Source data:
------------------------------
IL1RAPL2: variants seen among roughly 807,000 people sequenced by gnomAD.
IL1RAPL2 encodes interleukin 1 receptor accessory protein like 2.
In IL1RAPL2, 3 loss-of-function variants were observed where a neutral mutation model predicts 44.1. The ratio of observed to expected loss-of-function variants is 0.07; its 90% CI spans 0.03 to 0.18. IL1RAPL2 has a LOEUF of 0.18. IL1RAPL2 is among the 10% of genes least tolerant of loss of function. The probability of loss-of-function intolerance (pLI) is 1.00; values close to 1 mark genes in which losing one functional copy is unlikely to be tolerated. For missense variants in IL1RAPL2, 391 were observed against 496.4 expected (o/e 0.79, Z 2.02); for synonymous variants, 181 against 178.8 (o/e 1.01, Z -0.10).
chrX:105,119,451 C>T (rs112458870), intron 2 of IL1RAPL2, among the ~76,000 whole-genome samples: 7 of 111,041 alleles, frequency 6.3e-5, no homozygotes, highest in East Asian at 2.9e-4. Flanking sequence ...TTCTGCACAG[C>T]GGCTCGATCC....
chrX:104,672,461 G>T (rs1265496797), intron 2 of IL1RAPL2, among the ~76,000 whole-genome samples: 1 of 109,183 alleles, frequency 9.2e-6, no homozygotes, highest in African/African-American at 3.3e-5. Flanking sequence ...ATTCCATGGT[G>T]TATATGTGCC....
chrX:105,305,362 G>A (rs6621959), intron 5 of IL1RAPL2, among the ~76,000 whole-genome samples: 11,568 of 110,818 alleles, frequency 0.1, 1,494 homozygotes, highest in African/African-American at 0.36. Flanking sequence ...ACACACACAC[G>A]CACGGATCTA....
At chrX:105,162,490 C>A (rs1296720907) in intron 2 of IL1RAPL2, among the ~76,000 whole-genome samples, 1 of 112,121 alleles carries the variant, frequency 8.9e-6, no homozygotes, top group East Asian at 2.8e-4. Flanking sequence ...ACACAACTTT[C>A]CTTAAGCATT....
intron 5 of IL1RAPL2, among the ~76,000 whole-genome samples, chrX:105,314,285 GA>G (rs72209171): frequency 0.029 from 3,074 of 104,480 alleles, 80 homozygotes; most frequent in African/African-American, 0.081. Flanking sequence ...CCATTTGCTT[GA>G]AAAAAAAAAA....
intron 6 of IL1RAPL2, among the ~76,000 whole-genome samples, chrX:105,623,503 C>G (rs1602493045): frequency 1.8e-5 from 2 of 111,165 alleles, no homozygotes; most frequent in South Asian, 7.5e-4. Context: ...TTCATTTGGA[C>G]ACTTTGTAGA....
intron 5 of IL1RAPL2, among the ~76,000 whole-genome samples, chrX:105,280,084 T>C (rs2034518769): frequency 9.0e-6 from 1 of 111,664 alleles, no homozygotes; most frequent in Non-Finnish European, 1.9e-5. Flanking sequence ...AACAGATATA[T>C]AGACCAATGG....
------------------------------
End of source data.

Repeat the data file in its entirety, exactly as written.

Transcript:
IL1RAPL2: variants seen among roughly 807,000 people sequenced by gnomAD.
IL1RAPL2 encodes interleukin 1 receptor accessory protein like 2.
In IL1RAPL2, 3 loss-of-function variants were observed where a neutral mutation model predicts 44.1. The ratio of observed to expected loss-of-function variants is 0.07; its 90% CI spans 0.03 to 0.18. IL1RAPL2 has a LOEUF of 0.18. IL1RAPL2 is among the 10% of genes least tolerant of loss of function. The probability of loss-of-function intolerance (pLI) is 1.00; values close to 1 mark genes in which losing one functional copy is unlikely to be tolerated. For missense variants in IL1RAPL2, 391 were observed against 496.4 expected (o/e 0.79, Z 2.02); for synonymous variants, 181 against 178.8 (o/e 1.01, Z -0.10).
chrX:105,119,451 C>T (rs112458870), intron 2 of IL1RAPL2, among the ~76,000 whole-genome samples: 7 of 111,041 alleles, frequency 6.3e-5, no homozygotes, highest in East Asian at 2.9e-4. Flanking sequence ...TTCTGCACAG[C>T]GGCTCGATCC....
chrX:104,672,461 G>T (rs1265496797), intron 2 of IL1RAPL2, among the ~76,000 whole-genome samples: 1 of 109,183 alleles, frequency 9.2e-6, no homozygotes, highest in African/African-American at 3.3e-5. Flanking sequence ...ATTCCATGGT[G>T]TATATGTGCC....
chrX:105,305,362 G>A (rs6621959), intron 5 of IL1RAPL2, among the ~76,000 whole-genome samples: 11,568 of 110,818 alleles, frequency 0.1, 1,494 homozygotes, highest in African/African-American at 0.36. Flanking sequence ...ACACACACAC[G>A]CACGGATCTA....
At chrX:105,162,490 C>A (rs1296720907) in intron 2 of IL1RAPL2, among the ~76,000 whole-genome samples, 1 of 112,121 alleles carries the variant, frequency 8.9e-6, no homozygotes, top group East Asian at 2.8e-4. Flanking sequence ...ACACAACTTT[C>A]CTTAAGCATT....
intron 5 of IL1RAPL2, among the ~76,000 whole-genome samples, chrX:105,314,285 GA>G (rs72209171): frequency 0.029 from 3,074 of 104,480 alleles, 80 homozygotes; most frequent in African/African-American, 0.081. Flanking sequence ...CCATTTGCTT[GA>G]AAAAAAAAAA....
intron 6 of IL1RAPL2, among the ~76,000 whole-genome samples, chrX:105,623,503 C>G (rs1602493045): frequency 1.8e-5 from 2 of 111,165 alleles, no homozygotes; most frequent in South Asian, 7.5e-4. Context: ...TTCATTTGGA[C>G]ACTTTGTAGA....
intron 5 of IL1RAPL2, among the ~76,000 whole-genome samples, chrX:105,280,084 T>C (rs2034518769): frequency 9.0e-6 from 1 of 111,664 alleles, no homozygotes; most frequent in Non-Finnish European, 1.9e-5. Flanking sequence ...AACAGATATA[T>C]AGACCAATGG....